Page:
The UN's Global Compact on Refugees, adopted late last year, floats the possibility of trade arrangements that incentivize local businesses to hire refugee labor. A trade deal between the EU and Turkey that grants access to European markets for agricultural goods produced in Turkey with a threshold level of Syrian labor could prove beneficial for both parties — and for millions of displaced Syrians.
Stories by Kemal Kirisci
Turkey's economic woes could spell trouble for Syrian refugees
Turkey is facing its worst economic crisis in decades, raising fears about its impact on the more than 3.5 million Syrians who now reside there, having fled seven years of violence at home.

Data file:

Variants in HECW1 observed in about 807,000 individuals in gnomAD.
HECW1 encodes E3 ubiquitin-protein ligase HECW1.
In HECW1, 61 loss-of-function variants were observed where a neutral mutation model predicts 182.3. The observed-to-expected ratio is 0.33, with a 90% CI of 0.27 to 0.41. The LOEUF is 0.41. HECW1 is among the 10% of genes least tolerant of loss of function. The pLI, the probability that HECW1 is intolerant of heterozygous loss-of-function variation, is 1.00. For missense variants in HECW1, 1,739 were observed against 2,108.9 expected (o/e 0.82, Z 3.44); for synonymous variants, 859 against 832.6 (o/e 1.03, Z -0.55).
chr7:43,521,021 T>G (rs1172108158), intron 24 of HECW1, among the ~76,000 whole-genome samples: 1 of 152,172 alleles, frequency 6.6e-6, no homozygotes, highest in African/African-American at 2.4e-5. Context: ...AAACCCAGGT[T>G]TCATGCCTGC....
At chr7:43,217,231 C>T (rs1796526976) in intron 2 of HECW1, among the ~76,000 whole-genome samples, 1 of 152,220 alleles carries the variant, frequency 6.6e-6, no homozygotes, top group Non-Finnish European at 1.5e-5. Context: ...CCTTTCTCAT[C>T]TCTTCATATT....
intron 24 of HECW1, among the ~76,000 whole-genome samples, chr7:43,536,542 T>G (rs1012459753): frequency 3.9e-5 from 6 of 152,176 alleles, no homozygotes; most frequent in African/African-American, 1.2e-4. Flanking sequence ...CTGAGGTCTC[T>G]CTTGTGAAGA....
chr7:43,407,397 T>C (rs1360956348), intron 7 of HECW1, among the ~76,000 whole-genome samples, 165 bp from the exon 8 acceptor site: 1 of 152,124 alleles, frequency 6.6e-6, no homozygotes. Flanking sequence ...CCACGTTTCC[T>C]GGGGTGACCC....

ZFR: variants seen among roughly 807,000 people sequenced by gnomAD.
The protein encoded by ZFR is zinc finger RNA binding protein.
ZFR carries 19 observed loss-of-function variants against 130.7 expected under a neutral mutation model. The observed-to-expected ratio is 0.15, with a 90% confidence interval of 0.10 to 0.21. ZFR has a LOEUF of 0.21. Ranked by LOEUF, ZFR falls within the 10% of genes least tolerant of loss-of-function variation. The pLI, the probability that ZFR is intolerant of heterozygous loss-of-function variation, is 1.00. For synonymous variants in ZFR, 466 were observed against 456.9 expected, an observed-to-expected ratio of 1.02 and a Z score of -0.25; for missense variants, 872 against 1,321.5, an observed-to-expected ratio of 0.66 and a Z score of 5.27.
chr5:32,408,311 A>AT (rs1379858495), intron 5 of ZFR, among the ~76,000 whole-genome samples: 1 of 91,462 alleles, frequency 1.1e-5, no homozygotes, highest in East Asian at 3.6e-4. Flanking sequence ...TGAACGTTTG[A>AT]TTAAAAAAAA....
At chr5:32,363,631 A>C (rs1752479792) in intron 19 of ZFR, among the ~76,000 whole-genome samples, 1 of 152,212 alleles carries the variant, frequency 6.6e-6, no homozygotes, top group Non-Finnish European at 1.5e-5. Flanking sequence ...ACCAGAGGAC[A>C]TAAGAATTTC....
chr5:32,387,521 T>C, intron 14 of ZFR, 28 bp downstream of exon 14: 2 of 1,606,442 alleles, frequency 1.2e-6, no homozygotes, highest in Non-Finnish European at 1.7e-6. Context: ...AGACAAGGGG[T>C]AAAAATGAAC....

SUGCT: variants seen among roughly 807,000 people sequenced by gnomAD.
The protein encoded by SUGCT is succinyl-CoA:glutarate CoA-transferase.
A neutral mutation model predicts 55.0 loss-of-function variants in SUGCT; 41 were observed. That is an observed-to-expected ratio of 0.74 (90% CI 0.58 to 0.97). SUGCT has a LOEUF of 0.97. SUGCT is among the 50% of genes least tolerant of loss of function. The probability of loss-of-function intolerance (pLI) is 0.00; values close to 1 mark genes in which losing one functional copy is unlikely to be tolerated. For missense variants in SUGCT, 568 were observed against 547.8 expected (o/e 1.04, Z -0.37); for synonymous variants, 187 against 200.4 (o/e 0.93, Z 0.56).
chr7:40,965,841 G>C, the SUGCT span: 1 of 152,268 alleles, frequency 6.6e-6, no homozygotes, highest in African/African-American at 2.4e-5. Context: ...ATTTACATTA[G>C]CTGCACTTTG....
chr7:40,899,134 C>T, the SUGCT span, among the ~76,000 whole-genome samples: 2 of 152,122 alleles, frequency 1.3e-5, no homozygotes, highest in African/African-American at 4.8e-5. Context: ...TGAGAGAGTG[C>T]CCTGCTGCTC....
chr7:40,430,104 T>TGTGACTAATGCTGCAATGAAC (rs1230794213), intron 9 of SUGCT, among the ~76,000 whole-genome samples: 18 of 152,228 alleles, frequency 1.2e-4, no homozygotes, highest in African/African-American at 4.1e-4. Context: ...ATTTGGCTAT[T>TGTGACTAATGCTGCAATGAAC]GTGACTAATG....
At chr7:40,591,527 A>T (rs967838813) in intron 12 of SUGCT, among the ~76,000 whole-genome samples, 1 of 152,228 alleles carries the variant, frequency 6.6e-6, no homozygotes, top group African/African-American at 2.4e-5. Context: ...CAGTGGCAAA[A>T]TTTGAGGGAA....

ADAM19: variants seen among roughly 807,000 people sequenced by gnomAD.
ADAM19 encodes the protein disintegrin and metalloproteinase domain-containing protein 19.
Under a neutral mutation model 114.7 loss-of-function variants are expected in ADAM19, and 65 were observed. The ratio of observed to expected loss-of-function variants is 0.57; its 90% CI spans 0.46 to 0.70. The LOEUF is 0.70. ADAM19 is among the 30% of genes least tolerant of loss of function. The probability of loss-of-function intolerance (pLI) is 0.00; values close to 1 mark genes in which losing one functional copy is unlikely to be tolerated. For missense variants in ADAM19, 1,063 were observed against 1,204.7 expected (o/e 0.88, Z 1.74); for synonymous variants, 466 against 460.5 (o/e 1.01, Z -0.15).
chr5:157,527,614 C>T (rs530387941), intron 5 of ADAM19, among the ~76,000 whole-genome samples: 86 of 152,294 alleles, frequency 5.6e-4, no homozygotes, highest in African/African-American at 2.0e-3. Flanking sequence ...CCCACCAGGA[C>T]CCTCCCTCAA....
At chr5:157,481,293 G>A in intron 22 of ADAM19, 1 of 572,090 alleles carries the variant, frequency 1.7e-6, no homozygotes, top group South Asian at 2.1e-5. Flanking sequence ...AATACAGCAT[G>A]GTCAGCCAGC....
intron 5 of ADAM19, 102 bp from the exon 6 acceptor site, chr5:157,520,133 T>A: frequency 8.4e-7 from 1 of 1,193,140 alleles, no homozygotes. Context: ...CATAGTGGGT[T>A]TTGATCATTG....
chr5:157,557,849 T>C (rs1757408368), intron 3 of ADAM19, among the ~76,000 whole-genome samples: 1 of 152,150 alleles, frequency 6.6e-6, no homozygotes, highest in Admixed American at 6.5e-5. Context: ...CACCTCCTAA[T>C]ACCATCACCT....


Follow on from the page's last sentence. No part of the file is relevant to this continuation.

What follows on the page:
The big picture: These woes could result in a decrease in discretionary spending on social service programs that benefit refugees. It could, for example, slow efforts to get Syrians into primary school and vocational training programs. That said, the crisis may not make as substantial a difference in practice to these endeavors as some fear.